The 13 stories collected in Flying Home and Other Stories were written during this early period in Ellison's career, when he was just beginning to sift through what he'd seen and what he'd read and what he knew. They reveal in nascent form what would become the earmarks of his best writing: the gift for surreal improvisation, the flights of eloquent rhetoric, the sharp ear for rhythms of speech and language. As well as a preview of the work he would eventually do, Flying Home has the effect of being a retrospective of Ralph Ellison's life up to that point: "I Did Not Learn Their Names" and "Hymie's Bull" are stories inspired by the author's own experiences hoboing in the early Thirties, while other stories are set in Oklahoma, where he was born in 1914. All of the stories, however, touch upon facets of an experience that can only be called quintessential. "A Party Down at the Square" depicts a lynching from the point of view of a white child. In "Mister Toussan," the young heroes of several of Ellison's other short works, Buster and Riley, find inspiration in the career of Haitian insurrectionist Toussaint L'Ouverture to poignant effect.
By 1944, when Ellison completed the title story in this collection, "Flying Home," he was well on his way to uncovering and grappling with what would become one of the central challenges of his writer's life. "For I found," he was to write later, in Shadow and Act, "the greatest difficulty for a Negro writer was the problem of revealing what he truly felt, rather than serving up what Negroes were supposed to feel, and encouraged to feel." Ellison had traveled from Oklahoma to Alabama to New York City in search of an acceptable definition of himself and his experience. In 1944, in Dayton, Ohio, a place that he had never expected to be, he found himself closer than ever to reaching a part of that definition. "Flying Home," about an African-American military airman who crashes his plane on a white man's land, features Todd, a character much like the protagonist in Invisible Man. Todd, an educated man, finds himself caught midway between the white people who scrutinize and suspect his success as a pilot - the metaphorical epitome of the "uppity Negro" - and the uneducated African-Americans who watch his upward striving with a mixture of pride and mocking curiosity. "Flying Home" concludes with an image of hope as Todd is carried out of danger by a tenant farmer and his son: "A new current of communication flowed between the man and boy and himself. ... like a song within his head, he heard the boy's soft humming and saw the dark bird glide into the sun and glow like a bird of flaming gold."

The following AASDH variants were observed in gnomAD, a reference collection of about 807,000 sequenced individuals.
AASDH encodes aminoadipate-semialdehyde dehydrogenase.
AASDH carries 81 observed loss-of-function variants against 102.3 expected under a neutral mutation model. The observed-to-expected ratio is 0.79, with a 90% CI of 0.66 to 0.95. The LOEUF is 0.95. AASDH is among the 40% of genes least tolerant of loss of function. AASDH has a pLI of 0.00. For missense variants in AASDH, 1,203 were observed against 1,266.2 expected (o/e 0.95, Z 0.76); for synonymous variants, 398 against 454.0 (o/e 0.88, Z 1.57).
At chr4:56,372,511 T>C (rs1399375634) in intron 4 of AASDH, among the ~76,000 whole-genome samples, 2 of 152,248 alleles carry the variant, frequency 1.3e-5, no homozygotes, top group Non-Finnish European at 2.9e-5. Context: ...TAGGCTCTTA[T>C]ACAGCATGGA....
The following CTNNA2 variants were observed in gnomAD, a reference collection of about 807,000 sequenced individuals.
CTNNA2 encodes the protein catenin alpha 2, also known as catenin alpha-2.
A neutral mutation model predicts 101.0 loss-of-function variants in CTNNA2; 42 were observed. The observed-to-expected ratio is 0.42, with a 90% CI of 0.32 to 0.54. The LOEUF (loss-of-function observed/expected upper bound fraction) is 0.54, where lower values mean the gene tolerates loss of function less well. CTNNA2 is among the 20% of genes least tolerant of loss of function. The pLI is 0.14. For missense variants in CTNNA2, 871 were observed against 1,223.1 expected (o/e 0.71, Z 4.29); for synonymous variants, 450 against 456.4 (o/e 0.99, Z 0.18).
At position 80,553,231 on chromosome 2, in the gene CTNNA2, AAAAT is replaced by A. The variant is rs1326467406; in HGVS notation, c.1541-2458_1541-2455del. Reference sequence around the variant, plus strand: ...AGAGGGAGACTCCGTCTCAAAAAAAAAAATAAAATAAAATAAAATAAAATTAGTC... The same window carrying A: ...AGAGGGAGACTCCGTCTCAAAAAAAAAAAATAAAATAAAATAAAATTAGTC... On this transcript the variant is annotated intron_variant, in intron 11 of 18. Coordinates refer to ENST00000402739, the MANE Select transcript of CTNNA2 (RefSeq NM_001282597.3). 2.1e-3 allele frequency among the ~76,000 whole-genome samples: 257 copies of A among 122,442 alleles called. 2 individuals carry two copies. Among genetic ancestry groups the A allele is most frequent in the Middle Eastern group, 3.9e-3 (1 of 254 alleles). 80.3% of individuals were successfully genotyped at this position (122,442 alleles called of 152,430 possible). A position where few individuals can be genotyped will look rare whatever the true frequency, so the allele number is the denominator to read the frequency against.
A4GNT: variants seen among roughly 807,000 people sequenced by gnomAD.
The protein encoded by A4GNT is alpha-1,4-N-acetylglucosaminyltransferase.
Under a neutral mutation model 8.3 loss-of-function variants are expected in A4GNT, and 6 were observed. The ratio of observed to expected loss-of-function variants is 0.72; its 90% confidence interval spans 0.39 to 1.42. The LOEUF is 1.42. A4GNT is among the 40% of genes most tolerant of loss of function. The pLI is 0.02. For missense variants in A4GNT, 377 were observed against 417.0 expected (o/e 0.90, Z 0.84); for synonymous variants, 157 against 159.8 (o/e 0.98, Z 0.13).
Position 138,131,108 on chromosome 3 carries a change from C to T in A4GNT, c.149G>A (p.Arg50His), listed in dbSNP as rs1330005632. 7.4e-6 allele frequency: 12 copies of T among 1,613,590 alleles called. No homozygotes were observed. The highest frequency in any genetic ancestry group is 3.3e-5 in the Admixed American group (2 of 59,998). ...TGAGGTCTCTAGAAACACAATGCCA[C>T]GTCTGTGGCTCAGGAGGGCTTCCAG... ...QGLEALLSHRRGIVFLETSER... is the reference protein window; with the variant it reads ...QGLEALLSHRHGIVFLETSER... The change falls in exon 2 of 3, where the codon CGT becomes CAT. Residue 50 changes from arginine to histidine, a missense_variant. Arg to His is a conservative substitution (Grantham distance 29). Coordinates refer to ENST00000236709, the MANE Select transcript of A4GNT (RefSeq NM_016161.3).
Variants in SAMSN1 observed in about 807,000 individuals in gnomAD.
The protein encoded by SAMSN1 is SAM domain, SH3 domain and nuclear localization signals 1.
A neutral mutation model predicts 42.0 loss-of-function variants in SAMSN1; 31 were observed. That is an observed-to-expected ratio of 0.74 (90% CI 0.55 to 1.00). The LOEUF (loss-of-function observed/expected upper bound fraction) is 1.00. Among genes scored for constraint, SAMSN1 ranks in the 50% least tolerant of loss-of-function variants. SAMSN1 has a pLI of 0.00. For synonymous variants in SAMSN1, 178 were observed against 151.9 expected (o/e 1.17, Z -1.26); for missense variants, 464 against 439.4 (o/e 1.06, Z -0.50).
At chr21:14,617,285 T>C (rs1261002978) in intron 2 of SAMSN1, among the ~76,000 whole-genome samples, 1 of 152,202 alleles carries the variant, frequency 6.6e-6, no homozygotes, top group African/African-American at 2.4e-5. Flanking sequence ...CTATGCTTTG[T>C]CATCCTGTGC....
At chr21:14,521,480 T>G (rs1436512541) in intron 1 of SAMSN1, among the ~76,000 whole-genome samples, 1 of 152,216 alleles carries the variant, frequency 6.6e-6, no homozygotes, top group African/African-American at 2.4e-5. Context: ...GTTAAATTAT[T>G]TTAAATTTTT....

Flying Home, with its excellent and insightful introduction by editor John F. Callahan, is a collection with appeal for the affectionate reader of Ellison as well as the serious scholar. Reading it, one has the sense of the author working in a private sort of hush, working and thinking and writing, dependent often on the kindness of others, striving to learn the craft that would change his life. These are stories that occasionally stumble, occasionally soar - but always retain a sense of the author as a man with a clear eye for evil and a vast incurable optimism. -Barbara Strickland
by Elias Canetti
Elias Canetti: A peculiar name, but less peculiar than the character of Peter Kien, the protagonist of Canetti's novel Auto-da-Fé. Kien is a renowned scholar, the world's foremost Sinologist, or the world's foremost expert on Chinese literature. At one point, "in the lofty halls of his library," Kien "paced up and down and called on Confucius. He came towards him from the opposite wall, calm and self-possessed - it is easy to be self-possessed when you have been dead for centuries." Auto-da-Fé, the Portuguese term for the burning of a heretic at the stake, is founded upon just how very much Kien's library of 25,000 volumes means to him. It's a legendary library, one he won't let anyone enter for fear that a visitor would disturb his precious books. At the novel's beginning he hires the experienced Therese as a housekeeper and clearly outlines her duties and the fact that she is not to touch his wall-to-wall stacks of books, ever. When the two decide to marry, the relationship doesn't change much until one night when the admittedly small-minded Therese bends down to a divan, which of course is full of books, "and with one all-embracing stroke of her left arm, swept the books on to the floor." Kien cries. Later, she decides to strike up a deal with him in order to make some space for herself in the book-filled house. She can have half the house if she'll only keep to herself during meals. Kien attempts to discover whether Therese can really uphold her end of the bargain: